(R03) Southeast Asia caught between great power politics


Round Table


Session 9
Fri 09:00-10:30 K12 | 2.15



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Due to its geographic location as well as its geopolitical and geo-economic importance, Southeast Asia plays a crucial role in the grand strategies of the United States, China, Japan and India. China launched its ambitious Belt and Road Initiative (BRI) in 2013, both the United States and Japan responded with their Free and Open Indo-Pacific (FOIP) strategies. India upgraded its Look East to an Act East Policy. All four great powers endorse the regional centrality of the Association of Southeast Asian Nations (ASEAN). Nevertheless, ASEAN recognized the strategic challenge that the increasing great power rivalry can undermine its ability to steer the institutional development of Southeast Asia and the wider Indo-Pacific. Therefore, ASEAN responded with its own Indo-Pacific strategy. Therein the Association stresses the need for an inclusive regionalism, deeper multilateral cooperation and upholding its regional centrality.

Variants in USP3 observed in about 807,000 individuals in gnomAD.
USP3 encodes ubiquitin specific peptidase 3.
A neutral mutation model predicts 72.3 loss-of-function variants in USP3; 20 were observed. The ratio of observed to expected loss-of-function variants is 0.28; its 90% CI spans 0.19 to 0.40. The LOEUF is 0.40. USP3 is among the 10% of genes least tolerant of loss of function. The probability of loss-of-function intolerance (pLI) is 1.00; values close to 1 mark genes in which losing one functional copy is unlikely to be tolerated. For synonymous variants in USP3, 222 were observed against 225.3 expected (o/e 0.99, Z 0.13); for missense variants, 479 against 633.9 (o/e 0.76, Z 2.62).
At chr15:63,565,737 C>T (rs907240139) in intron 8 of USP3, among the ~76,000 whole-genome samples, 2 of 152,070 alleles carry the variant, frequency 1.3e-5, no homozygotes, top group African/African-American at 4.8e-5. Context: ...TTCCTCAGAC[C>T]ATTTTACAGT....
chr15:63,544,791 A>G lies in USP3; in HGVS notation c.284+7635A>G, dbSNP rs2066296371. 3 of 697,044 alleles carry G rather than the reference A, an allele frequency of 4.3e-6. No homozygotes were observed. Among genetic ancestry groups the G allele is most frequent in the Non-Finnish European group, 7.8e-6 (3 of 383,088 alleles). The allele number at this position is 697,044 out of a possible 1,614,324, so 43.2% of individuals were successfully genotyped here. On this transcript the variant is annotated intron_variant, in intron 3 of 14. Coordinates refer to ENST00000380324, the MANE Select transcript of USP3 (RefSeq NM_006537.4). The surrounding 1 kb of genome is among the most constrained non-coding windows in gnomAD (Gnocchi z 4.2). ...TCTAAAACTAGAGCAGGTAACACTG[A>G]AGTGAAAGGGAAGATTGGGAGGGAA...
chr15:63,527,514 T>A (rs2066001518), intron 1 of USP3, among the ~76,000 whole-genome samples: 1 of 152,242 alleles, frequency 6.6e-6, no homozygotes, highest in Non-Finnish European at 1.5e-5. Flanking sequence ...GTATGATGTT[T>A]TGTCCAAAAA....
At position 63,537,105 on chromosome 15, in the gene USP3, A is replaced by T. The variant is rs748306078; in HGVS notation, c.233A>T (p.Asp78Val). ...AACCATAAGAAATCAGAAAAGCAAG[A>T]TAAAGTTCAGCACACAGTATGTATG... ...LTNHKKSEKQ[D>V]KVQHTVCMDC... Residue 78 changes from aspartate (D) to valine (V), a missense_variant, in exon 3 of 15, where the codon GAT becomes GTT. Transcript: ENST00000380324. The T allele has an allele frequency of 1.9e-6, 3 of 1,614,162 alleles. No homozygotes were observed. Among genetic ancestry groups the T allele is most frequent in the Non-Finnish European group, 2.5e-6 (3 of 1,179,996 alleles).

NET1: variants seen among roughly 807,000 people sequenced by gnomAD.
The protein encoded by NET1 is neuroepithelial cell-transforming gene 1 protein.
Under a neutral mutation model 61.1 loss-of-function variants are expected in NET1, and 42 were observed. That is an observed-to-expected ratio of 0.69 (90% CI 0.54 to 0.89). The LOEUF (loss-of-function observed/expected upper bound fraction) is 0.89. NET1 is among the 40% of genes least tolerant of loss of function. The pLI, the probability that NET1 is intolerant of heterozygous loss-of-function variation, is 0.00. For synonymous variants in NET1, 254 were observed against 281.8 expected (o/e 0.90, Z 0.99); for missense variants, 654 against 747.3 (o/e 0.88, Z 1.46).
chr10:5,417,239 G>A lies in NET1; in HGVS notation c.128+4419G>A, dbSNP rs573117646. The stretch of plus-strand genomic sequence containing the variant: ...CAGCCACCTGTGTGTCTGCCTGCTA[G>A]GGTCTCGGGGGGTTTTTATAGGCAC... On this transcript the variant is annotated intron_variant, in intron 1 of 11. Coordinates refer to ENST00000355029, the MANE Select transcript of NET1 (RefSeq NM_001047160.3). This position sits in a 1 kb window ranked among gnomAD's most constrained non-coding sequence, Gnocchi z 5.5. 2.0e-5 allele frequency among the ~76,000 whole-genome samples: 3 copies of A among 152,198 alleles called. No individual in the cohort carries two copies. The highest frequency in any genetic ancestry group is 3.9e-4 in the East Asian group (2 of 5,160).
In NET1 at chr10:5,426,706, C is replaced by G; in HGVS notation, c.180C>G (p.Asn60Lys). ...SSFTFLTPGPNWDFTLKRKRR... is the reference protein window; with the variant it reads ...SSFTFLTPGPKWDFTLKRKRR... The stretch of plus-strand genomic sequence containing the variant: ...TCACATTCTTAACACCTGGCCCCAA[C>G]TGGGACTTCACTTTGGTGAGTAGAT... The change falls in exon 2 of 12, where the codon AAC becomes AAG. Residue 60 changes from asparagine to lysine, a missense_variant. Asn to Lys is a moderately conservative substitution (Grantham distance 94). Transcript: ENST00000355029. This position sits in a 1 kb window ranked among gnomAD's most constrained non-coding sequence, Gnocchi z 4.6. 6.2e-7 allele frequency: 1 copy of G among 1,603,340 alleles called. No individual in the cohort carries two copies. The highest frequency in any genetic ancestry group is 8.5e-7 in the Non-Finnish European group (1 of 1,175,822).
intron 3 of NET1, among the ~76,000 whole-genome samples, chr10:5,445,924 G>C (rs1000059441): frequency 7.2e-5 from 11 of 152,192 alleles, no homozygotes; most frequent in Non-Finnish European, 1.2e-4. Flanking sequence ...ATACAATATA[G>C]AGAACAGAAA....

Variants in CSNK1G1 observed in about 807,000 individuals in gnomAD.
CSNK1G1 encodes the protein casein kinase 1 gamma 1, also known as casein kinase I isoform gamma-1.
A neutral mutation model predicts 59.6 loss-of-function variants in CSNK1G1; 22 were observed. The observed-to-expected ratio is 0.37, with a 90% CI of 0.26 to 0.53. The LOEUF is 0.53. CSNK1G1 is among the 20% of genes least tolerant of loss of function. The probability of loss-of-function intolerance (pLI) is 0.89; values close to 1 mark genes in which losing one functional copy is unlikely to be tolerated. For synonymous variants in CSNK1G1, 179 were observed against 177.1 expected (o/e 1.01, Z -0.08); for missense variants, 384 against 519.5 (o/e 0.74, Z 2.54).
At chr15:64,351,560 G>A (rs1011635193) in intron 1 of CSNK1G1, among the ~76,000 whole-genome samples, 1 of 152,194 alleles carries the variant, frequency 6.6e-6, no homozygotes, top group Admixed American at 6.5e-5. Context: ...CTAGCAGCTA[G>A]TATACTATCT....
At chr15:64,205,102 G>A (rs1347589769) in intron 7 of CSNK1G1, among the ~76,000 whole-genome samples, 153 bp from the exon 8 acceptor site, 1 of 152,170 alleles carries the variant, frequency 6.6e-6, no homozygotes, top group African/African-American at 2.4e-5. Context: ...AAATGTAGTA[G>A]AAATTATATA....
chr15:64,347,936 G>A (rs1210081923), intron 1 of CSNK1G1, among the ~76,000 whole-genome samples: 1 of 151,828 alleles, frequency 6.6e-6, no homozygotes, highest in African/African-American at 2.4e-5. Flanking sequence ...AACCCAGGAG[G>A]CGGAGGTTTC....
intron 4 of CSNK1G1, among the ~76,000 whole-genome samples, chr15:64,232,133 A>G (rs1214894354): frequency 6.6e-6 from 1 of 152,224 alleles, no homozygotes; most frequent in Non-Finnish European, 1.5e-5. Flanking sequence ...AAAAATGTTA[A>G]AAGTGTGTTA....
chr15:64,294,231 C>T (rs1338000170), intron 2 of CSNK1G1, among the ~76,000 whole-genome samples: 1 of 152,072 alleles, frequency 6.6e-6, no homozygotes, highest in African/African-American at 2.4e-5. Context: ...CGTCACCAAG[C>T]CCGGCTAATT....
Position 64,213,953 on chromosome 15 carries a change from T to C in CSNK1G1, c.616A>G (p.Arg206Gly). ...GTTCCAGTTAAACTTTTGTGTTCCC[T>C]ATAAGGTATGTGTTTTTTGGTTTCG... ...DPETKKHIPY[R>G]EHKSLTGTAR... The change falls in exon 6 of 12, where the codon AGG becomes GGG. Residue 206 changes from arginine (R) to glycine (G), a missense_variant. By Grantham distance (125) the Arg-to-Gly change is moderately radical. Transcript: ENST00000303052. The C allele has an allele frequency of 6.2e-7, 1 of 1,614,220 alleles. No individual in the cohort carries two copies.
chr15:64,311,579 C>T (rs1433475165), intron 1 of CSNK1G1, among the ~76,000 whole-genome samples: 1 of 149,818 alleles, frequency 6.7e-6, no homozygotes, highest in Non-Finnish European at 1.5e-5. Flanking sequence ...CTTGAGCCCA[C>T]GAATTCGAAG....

The aim of this roundtable is to bring together international experts with different disciplinary backgrounds to discuss ASEAN’s ability to promote a peaceful and stable, rulesbased order in the Indo-Pacific. Addressed will be the following questions: Does ASEAN’s inclusive regionalism remain an adequate means to balance the interests of the great powers in the realms of economics, connectivity and security? Or does ASEAN, due to the power asymmetries in the Indo-Pacific, merely react to the policies and the behavior of the great powers? Will China- and US-centered collaboration formats emerge, forcing the Southeast Asian nations to choose sides? How do ASEAN and its members respond to the power rivalry between the United States and China specifically in the South China Sea?